Stocks and Bonds Remain at Odds over Outlook

Jul 20, 2020
Fork in the Road

Stocks and Bonds Remain at Odds Over Outlook

Positive economic news continues despite the drumbeat of increasing virus cases and that has emboldened stock traders to continue building on the multi-month rally. Meanwhile, the Treasury market remains stoically unimpressed, residing in the well-worn range that has held since the beginning of April, three and a half months ago. The 10-year yield has ranged from 0.54% to 0.90% with much more of the time spent between 0.60% and 0.70%. Perhaps it’s the realization that even with decent economic numbers of late, reopenings are slowing in some regions making the bounce in May and June hard to replicate. Or, it could be the upcoming expiration of supplementary unemployment benefits in a week. While Congress is likely to pass some form of extension it could be less than the current $600/week. That might give the 30 million consumers receiving the check a reason to horde more of the benefit and dulling the consumption impact. In any event, stocks and Treasuries continue to trade in  different universes but the time to resolve that disparity could be fast approaching.  Away from virus news, the calendar is light with June existing sales (Wednesday) and new homes sales (Friday) both are expected to post solid results after a disappointing May. The June Leading Index (Thursday) is expected to come off the record-breaking pop in May but a solid result is still forecast. The July Preliminary Markit PMI readings are expected to move both the manufacturing and services sectors from contractionary territory (under 50) to slight expansions (above 50).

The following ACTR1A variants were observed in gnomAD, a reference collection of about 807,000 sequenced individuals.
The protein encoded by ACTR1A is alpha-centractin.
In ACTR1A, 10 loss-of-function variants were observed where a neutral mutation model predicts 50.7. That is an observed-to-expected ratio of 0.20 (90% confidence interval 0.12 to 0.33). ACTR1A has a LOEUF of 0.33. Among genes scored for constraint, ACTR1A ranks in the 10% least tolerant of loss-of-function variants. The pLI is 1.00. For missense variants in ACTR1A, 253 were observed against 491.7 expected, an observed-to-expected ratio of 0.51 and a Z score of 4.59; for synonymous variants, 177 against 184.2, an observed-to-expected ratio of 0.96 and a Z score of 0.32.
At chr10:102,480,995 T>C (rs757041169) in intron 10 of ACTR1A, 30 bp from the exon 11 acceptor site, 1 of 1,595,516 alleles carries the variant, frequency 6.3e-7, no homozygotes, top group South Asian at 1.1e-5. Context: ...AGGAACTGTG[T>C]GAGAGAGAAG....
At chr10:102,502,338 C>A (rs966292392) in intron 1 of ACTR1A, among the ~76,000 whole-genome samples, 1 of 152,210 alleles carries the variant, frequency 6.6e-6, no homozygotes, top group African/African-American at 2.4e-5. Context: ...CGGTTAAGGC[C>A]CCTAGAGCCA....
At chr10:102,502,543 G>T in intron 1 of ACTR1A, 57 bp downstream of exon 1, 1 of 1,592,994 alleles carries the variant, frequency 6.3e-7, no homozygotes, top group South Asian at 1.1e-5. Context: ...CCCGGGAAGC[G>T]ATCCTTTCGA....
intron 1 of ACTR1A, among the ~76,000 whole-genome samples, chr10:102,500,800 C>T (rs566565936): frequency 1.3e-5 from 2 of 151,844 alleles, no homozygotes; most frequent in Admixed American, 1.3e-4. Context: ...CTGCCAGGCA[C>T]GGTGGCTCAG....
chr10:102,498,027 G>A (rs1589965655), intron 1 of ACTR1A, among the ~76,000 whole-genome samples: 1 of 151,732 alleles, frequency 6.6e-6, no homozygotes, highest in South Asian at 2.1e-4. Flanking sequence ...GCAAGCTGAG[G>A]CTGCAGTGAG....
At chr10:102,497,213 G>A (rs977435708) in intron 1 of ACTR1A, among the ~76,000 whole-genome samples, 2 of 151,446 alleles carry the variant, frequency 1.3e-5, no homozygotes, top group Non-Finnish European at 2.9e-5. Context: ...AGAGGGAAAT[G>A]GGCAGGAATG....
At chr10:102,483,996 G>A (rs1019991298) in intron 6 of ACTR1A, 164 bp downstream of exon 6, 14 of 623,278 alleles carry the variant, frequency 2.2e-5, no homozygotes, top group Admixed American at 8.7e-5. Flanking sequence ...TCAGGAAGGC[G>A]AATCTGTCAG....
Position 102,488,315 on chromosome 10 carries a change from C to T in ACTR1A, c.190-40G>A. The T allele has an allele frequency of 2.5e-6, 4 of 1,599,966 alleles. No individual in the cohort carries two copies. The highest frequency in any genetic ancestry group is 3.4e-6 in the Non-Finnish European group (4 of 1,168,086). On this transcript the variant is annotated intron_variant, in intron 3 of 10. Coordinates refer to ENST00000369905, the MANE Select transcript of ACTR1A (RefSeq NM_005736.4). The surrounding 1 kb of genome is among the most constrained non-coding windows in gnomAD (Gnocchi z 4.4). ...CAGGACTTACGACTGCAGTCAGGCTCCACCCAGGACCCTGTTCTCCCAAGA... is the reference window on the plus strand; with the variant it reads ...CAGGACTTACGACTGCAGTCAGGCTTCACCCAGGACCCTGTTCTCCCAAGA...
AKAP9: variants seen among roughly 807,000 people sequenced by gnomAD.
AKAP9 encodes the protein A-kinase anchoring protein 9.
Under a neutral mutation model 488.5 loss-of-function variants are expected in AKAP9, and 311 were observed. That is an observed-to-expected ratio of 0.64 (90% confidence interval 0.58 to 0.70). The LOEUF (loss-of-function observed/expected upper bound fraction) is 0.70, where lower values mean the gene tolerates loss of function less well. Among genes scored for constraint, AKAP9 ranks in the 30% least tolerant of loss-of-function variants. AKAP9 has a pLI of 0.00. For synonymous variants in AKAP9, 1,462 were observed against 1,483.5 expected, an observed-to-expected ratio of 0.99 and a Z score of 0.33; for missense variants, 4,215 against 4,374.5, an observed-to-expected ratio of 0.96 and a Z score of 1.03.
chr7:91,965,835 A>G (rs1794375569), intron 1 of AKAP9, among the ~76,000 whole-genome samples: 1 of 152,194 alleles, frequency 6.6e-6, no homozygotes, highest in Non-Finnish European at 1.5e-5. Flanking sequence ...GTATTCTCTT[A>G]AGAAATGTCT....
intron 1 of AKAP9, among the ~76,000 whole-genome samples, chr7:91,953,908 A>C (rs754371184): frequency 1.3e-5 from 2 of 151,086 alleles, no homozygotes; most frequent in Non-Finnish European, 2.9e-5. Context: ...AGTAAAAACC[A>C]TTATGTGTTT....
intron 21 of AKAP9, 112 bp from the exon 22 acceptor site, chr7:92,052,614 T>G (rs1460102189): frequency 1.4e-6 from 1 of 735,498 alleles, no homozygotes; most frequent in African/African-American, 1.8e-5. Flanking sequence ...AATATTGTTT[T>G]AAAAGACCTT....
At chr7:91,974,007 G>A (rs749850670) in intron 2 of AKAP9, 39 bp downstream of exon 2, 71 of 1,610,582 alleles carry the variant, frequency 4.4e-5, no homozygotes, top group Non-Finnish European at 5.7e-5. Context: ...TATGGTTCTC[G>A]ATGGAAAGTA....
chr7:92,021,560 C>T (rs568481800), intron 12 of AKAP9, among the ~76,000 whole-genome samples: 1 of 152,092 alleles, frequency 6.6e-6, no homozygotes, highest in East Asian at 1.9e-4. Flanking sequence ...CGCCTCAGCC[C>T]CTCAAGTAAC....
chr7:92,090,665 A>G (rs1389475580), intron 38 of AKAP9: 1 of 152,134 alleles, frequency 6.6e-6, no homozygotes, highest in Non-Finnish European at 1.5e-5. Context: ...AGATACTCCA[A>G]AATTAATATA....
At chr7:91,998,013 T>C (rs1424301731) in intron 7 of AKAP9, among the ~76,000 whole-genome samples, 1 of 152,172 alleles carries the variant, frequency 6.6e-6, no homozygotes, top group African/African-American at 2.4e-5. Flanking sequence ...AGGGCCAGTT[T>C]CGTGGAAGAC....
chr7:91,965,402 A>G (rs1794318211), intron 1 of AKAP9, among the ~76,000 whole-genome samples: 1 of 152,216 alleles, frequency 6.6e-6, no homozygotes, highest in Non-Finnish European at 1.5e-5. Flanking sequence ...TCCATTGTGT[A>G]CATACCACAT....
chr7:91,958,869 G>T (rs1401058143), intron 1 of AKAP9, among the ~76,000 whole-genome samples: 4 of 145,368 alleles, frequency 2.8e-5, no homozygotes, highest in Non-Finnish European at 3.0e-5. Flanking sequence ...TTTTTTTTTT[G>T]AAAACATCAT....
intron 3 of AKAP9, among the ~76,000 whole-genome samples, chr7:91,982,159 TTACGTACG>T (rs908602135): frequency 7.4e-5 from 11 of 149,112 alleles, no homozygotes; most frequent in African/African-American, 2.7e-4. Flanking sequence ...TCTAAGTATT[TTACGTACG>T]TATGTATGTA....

Treasuries
Treasury Curve Today Week Change
3 Month 0.11% -0.01%
6 Month 0.12% -0.02%
1 Year 0.13% -0.01%
2 Year 0.14% -0.01%
3 Year 0.16% -0.03%
5 Year 0.27% -0.03%
10 Year 0.61% -0.04%
30 Year 1.31% -0.04%
Short-Term Rates
Fed Funds 0.25%
Prime Rate 3.25%
3 Mo LIBOR 0.27%
6 Mo LIBOR 0.33%
12 Mo LIBOR 0.47%
Swap Rates
3 Year 0.222%
5 Year 0.311%
10 Year 0.593%
Economic Calendar
Date Statistic For Briefing Forecast Market Expects Prior
Jul 21 Chicago Fed Nat Activity Index Jun 4.00 4.00 2.61
Jul 22 FHFA House Price Index MoM Jun 0.4% 0.3% 0.2%
Jul 22 Existing Home Sales Jun 4.83mm 4.75mm 3.91mm
Jul 22 Existing Home Sales MoM Jun 23.5% 21.5% -9.7%
Jul 23 Initial Jobless Claims Jul 18 1.280mm 1.290mm 1.300mm
Jul 23 Bloomberg Consumer Comfort Jul 19 NA NA 44.3
Jul 23 Leading Index Jun 2.1% 2.1% 2.8%
Jul 24 Markit Composite PMI Jul P NA NA 47.9
Jul 24 New Home Sales MoM Jun 3.6% 3.6% 16.6%

calendar icon Top 5 Events for the Week

July 20—24, 2020

1.  Reopening vs. Virus Counts — All Week
2.  June Existing & New Home Sales — Wednesday/Friday
3.  Initial Jobless Claims — Thursday    
4.  June Leading Index — Thursday
5.  July Preliminary Markit PMIs — Friday

 

1.  Reopening/Virus Case Trends — All Week